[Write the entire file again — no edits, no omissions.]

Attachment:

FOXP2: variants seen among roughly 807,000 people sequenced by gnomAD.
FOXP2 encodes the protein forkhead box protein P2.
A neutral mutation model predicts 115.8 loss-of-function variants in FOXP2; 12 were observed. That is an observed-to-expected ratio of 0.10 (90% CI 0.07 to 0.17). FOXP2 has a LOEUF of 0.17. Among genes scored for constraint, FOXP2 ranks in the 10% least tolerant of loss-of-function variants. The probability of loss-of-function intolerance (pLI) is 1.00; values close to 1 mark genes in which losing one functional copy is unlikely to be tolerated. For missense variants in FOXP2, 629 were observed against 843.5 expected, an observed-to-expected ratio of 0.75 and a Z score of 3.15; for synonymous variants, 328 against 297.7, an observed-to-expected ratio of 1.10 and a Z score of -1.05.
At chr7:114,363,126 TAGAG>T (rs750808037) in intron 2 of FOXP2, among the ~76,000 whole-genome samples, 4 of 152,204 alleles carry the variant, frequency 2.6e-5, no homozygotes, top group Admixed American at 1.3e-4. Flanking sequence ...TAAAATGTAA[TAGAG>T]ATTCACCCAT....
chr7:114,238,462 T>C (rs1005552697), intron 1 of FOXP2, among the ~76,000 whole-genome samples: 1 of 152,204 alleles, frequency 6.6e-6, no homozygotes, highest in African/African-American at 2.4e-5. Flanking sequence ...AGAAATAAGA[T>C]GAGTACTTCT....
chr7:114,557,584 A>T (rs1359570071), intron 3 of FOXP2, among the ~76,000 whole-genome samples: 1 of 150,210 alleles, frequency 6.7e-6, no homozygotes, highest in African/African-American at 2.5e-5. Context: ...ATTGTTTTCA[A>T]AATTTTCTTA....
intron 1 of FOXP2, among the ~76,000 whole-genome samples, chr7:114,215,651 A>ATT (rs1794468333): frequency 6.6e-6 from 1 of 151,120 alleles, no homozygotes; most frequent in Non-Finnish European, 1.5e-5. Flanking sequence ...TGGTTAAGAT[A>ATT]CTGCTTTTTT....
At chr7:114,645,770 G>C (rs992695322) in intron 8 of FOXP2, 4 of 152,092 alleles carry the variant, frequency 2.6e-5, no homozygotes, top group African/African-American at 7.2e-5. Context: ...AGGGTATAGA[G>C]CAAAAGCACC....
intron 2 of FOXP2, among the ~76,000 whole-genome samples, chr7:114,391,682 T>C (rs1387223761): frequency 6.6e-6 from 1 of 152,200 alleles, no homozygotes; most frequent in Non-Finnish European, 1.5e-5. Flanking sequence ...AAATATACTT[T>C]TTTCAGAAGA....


FOXP2: variants seen among roughly 807,000 people sequenced by gnomAD.
FOXP2 encodes the protein forkhead box protein P2.
A neutral mutation model predicts 115.8 loss-of-function variants in FOXP2; 12 were observed. That is an observed-to-expected ratio of 0.10 (90% CI 0.07 to 0.17). FOXP2 has a LOEUF of 0.17. Among genes scored for constraint, FOXP2 ranks in the 10% least tolerant of loss-of-function variants. The probability of loss-of-function intolerance (pLI) is 1.00; values close to 1 mark genes in which losing one functional copy is unlikely to be tolerated. For missense variants in FOXP2, 629 were observed against 843.5 expected, an observed-to-expected ratio of 0.75 and a Z score of 3.15; for synonymous variants, 328 against 297.7, an observed-to-expected ratio of 1.10 and a Z score of -1.05.
At chr7:114,363,126 TAGAG>T (rs750808037) in intron 2 of FOXP2, among the ~76,000 whole-genome samples, 4 of 152,204 alleles carry the variant, frequency 2.6e-5, no homozygotes, top group Admixed American at 1.3e-4. Flanking sequence ...TAAAATGTAA[TAGAG>T]ATTCACCCAT....
chr7:114,238,462 T>C (rs1005552697), intron 1 of FOXP2, among the ~76,000 whole-genome samples: 1 of 152,204 alleles, frequency 6.6e-6, no homozygotes, highest in African/African-American at 2.4e-5. Flanking sequence ...AGAAATAAGA[T>C]GAGTACTTCT....
chr7:114,557,584 A>T (rs1359570071), intron 3 of FOXP2, among the ~76,000 whole-genome samples: 1 of 150,210 alleles, frequency 6.7e-6, no homozygotes, highest in African/African-American at 2.5e-5. Context: ...ATTGTTTTCA[A>T]AATTTTCTTA....
intron 1 of FOXP2, among the ~76,000 whole-genome samples, chr7:114,215,651 A>ATT (rs1794468333): frequency 6.6e-6 from 1 of 151,120 alleles, no homozygotes; most frequent in Non-Finnish European, 1.5e-5. Flanking sequence ...TGGTTAAGAT[A>ATT]CTGCTTTTTT....
At chr7:114,645,770 G>C (rs992695322) in intron 8 of FOXP2, 4 of 152,092 alleles carry the variant, frequency 2.6e-5, no homozygotes, top group African/African-American at 7.2e-5. Context: ...AGGGTATAGA[G>C]CAAAAGCACC....
intron 2 of FOXP2, among the ~76,000 whole-genome samples, chr7:114,391,682 T>C (rs1387223761): frequency 6.6e-6 from 1 of 152,200 alleles, no homozygotes; most frequent in Non-Finnish European, 1.5e-5. Flanking sequence ...AAATATACTT[T>C]TTTCAGAAGA....